Williamsburg warehouse burned to the ground just minutes after FDNY left the scene. A Williamsburg warehouse owned by Recall Corporation and located on the Brooklyn waterfront at 5 North 11th Street burned to the ground in the early hours of the morning on January 31, 2015. The New York City Fire Department had responded to a fire alarm at approximately 4:36 a.m. and found a fire ablaze on storage shelves inside the warehouse. The FDNY, believing that the fire had been controlled by the warehouse’s sprinkler system, turned off the main water valve to stop the deluge and prevent flooding. The FDNY deemed the warehouse safe for reentry and left the scene. Just minutes after the FDNY left, a second fire appeared, triggering another fire alarm at the warehouse at 6:32 a.m. With no water available to supply the sprinkler system, the fire quickly spread, destroying the warehouse and its contents. The warehouse contained government records from entities including the State court system, the City’s Administration for Children’s Services, and the Health and Hospitals Corporation.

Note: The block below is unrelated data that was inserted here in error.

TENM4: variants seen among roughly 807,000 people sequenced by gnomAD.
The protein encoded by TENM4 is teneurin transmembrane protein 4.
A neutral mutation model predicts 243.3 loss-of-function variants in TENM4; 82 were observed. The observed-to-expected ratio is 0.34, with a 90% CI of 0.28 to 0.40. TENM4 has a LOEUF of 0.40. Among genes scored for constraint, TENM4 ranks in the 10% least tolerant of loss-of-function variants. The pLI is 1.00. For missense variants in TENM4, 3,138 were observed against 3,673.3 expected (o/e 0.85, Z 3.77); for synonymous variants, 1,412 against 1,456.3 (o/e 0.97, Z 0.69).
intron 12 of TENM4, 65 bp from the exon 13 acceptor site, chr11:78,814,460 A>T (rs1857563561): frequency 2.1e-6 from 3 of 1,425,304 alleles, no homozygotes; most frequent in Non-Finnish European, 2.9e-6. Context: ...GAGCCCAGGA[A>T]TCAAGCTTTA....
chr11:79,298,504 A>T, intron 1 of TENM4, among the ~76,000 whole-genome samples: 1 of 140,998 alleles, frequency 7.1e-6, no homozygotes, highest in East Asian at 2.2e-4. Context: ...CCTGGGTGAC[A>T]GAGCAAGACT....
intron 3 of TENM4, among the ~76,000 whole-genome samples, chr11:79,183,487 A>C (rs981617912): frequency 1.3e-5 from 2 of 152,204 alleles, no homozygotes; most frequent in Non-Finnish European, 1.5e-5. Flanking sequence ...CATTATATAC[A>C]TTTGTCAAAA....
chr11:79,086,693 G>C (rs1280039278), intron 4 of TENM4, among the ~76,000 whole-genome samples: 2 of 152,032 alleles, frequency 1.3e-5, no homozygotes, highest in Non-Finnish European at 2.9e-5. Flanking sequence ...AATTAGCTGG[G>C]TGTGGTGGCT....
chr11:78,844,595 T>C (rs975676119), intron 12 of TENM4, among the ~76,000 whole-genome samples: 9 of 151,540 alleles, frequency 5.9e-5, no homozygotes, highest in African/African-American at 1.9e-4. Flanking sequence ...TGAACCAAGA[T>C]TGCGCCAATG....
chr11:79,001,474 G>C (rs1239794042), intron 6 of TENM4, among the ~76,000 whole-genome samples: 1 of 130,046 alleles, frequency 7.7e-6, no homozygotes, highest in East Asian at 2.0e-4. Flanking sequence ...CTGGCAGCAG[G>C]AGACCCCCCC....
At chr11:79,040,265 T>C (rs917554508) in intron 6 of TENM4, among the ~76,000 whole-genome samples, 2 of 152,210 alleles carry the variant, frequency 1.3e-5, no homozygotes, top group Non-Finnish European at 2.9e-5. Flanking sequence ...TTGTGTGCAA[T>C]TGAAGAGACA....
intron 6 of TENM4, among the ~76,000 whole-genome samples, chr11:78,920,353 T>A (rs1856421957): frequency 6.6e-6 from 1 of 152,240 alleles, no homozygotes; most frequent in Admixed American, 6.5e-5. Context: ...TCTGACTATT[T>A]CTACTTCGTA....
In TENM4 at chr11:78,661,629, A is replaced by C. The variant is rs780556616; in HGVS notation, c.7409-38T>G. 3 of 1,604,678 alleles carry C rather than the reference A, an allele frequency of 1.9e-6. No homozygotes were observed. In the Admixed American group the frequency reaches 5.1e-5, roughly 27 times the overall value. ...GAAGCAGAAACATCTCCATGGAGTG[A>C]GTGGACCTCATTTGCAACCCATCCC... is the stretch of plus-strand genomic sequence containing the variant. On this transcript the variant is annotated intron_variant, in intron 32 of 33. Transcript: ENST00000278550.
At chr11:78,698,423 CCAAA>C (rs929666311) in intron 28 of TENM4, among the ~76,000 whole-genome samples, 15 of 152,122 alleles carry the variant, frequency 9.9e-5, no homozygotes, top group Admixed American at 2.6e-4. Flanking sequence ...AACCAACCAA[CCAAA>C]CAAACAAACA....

Recall Corporation and its insurance company Zurich American Insurance Company sued the City. The City moved to dismiss the complaint. Supreme Court Justice Cheryl Chambers denied the motion and the City appealed.
The Appellate Division, Second Department affirmed and refused to dismiss the complaint. The Appellate Division ruled that the City could be held responsible for the damages because FDNY personnel responded to the fire, assumed control over the fire by shutting off the main water valve, and deemed the warehouse safe for reentry just minutes before the fire reignited. Under these circumstances, the City had created a special relationship by the manner in which the FDNY took control at the scene. The Appellate Division sent the case back to the lower court for trial.
Zurich Am. Ins. Co. v. City of N.Y., 111 N.Y.S.3d 38 (2nd Dep’t 2019).
By: Julie Tortora (Julie is a New York Law School student, Class of 2021.)